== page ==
BALTIMORE (WJZ/AP) — Vijay Jojo Chokal-Ingam, who is actress Mindy Kaling’s brother, told CNN last week that he got into medical school by pretending to be black.
Chokal-Ingam, a man of Indian descent who calls himself a “anti-affirmative action hacktivist,” wrote a book on the matter called “Almost Black.”READ MORE: Salvation Army, 101.9 Collect Coats, Gloves To 'Bundle Up Baltimore' Homeless
His CNN interview came a few days after The New York Times reported the Justice Department was seeking attorneys interested in “investigations and possible litigation related to intentional race-based discrimination in college and university admissions.”
Chokal-Ingam told CNN that he shaved his head, trimmed his eyelashes, joined a black student association and used his middle name so that he would be mistaken for an African-American man when applying to medical schools.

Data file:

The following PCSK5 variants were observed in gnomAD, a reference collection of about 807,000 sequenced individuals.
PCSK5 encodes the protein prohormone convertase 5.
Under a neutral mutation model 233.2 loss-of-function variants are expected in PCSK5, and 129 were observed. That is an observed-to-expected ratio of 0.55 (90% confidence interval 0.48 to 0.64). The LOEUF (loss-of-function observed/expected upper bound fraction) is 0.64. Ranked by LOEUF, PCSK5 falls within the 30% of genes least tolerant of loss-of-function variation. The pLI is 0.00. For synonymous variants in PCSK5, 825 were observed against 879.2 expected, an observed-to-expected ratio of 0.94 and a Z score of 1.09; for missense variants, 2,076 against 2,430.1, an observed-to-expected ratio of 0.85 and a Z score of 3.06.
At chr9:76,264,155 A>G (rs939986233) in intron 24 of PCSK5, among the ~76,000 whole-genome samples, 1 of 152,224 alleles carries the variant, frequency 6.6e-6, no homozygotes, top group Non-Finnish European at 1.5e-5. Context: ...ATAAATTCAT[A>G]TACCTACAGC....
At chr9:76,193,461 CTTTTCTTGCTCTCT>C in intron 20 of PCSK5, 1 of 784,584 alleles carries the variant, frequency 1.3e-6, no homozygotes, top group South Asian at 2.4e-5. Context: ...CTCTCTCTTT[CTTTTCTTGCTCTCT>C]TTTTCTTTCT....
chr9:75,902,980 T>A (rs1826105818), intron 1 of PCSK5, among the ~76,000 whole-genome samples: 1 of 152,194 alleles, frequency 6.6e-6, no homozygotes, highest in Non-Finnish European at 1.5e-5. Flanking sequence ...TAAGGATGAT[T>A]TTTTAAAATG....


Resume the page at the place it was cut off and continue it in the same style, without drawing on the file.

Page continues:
He had a 3.1 GPA, he says, and got in to St. Louis University despite that GPA being “dramatically lower than their average” of 3.7.READ MORE: Man Killed In Head-On Crash With Street Sweeper In Rosedale Saturday
Chokal-Ingam also told CNN he thinks affirmative action is “a system of legalized racism,” and says President Donald Trump “will end affirmative action like Lincoln ended slavery.”
At the eight Ivy League colleges including Harvard, Yale and Princeton, the number of U.S. minority students in all incoming classes grew by 17 percent between 2010 and 2015, while overall enrollment in those classes grew by less than 2 percent, according to the latest federal data. By 2015, minorities accounted for more than 43 percent of all incoming students in the Ivy League, up from 37 percent in 2010.
The trend partly reflects the demographics of an increasingly diverse nation, but the schools also consider race for reasons including a desire to reverse historically low numbers of minorities at elite universities that in some cases began admitting nonwhite students only in the last 75 years.Three Men Killed In Separate Shootings In Baltimore Saturday
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